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NC hospitality association warns Charlotte not to divert tourism tax money

A woman pushing a cart through a hotel corridor.
Elvis Menayese
A woman pushing a cart through a hotel corridor.

The head of the North Carolina Restaurant and Lodging Association sent a letter to the Charlotte City Council Monday urging them not to consider using taxes dedicated for tourism to pay for things the group doesn’t consider tourism-specific.

The taxes on hotel rooms, as well as prepared food and beverages from restaurants and bars, are limited by state law to tourism-related purposes, like the Convention Center and new stadiums and arenas. But the city of Asheville got buy-in from its tourism leaders to use some of its tourism tax revenue for projects like greenways — which they say will help visitors and locals.

At a City Council committee meeting last week, three council members — LaWana Mayfield, Renee Johnson and Victoria Watlington — said Charlotte should follow Asheville’s lead and explore using some money from tourism taxes to pay for things like transportation or public safety.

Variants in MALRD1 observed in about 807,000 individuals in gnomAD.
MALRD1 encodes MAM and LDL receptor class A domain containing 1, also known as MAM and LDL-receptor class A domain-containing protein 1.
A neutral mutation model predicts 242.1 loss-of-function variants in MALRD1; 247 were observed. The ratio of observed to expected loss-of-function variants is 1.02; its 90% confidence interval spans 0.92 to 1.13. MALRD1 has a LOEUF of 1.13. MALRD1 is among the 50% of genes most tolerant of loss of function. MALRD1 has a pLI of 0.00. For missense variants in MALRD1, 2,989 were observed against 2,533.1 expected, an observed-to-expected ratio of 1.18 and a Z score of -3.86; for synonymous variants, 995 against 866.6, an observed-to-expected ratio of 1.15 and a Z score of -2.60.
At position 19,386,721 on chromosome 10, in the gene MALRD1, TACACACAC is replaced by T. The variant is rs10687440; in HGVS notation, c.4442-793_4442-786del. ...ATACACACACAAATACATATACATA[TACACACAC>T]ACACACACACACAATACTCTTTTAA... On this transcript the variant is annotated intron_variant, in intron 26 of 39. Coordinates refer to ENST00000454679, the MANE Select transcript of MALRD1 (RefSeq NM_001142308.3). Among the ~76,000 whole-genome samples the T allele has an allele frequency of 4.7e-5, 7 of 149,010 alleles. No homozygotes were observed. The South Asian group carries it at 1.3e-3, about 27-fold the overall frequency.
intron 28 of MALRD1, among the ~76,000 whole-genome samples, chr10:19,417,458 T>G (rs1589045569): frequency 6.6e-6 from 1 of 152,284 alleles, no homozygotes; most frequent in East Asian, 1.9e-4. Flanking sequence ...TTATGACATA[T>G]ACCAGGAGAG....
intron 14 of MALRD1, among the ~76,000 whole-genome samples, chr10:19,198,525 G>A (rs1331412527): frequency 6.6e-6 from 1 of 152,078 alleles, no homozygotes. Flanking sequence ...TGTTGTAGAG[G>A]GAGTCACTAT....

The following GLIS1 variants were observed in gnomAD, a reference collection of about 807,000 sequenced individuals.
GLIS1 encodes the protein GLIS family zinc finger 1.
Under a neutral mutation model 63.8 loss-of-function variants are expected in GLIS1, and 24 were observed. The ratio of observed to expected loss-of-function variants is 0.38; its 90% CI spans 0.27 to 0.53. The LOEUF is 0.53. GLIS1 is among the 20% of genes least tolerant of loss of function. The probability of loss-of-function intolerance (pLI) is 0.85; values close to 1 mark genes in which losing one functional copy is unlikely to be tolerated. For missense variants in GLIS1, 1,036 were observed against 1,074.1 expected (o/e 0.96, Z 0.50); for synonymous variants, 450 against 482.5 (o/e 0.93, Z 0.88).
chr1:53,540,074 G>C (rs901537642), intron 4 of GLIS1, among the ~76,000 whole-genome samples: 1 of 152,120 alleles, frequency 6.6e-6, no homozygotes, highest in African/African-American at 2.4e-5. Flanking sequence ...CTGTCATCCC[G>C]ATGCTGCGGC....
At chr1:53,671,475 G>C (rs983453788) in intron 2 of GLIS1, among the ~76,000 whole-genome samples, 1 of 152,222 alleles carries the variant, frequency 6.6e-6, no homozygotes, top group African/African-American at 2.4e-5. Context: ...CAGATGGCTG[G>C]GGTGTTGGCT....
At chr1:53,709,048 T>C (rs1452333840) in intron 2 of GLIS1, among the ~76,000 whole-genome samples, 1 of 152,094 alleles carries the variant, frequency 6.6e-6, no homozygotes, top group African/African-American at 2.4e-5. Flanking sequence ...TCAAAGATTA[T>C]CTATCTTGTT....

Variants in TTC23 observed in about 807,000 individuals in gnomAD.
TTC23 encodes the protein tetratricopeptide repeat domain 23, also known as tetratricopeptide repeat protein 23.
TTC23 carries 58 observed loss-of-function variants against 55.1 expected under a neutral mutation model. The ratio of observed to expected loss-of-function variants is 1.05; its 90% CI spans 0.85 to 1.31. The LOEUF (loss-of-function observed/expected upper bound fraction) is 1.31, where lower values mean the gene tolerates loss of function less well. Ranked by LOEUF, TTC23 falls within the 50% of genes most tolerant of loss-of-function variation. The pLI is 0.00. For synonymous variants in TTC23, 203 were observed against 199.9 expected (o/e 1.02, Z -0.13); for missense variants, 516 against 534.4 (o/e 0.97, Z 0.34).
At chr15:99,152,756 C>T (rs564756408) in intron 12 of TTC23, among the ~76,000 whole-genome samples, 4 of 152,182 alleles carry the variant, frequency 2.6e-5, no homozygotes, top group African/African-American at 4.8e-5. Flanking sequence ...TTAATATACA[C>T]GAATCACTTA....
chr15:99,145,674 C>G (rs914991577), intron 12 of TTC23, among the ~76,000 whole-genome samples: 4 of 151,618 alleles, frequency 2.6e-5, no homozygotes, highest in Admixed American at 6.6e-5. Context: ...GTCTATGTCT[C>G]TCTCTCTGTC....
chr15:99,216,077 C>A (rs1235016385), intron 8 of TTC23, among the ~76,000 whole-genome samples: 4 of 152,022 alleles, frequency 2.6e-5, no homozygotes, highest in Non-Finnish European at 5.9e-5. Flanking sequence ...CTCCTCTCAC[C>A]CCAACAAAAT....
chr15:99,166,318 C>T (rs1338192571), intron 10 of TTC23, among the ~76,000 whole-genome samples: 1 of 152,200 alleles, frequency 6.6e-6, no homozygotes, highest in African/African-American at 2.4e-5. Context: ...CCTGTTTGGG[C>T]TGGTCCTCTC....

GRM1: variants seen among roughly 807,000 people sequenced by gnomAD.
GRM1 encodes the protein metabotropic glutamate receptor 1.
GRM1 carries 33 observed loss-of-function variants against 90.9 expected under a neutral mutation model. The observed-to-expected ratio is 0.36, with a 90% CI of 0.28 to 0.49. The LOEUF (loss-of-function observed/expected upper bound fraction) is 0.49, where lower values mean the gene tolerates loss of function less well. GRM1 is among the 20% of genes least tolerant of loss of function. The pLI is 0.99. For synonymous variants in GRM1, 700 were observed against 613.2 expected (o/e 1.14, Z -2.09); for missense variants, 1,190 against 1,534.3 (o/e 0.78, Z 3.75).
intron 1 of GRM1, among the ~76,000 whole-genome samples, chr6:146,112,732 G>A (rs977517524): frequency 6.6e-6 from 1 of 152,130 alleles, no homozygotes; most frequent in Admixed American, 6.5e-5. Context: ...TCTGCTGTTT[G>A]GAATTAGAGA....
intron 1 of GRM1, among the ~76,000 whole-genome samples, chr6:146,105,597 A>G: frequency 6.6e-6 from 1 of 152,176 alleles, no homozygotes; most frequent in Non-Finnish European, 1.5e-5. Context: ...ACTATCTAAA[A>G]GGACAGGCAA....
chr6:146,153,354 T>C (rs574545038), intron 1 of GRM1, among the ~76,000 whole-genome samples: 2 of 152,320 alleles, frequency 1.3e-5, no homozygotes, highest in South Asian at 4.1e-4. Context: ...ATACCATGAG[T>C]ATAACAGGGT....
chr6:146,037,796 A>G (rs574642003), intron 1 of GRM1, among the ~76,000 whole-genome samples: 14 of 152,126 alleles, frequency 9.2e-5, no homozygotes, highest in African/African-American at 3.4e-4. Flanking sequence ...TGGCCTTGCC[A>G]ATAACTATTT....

That prompted an angry response from hotelier Vinay Patel, chairman of the Charlotte Regional Visitors Authority, who said he would lobby the legislature to repeal the tax if it were used for non-tourism purposes.

Lynne Minges, of the state’s Restaurant and Lodging Association, warned council members Monday not to go down that path, suggesting the city could be sued.

She wrote: “Although there have been public statements this language is up to interpretation, if local elected officials decide to use it to fund affordable housing and other non-tourism related expenditures, that interpretation will be done by the courts.”

Charlotte Mayor Vi Lyles said in a letter Tuesday that the city does not intend to change how it spends money from tourism taxes. Lyles wrote that the conversation was just that — a conversation. She added that it does not indicate any change in city policy.

Charlotte’s tourism taxes are mostly used for the Convention Center, as well as stadium and arena upgrades for the Carolina Panthers and Charlotte Hornets.

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Steve Harrison is WFAE's politics and government reporter. Prior to joining WFAE, Steve worked at the Charlotte Observer, where he started on the business desk, then covered politics extensively as the Observer’s lead city government reporter. Steve also spent 10 years with the Miami Herald. His work has appeared in The Washington Post, the Sporting News and Sports Illustrated.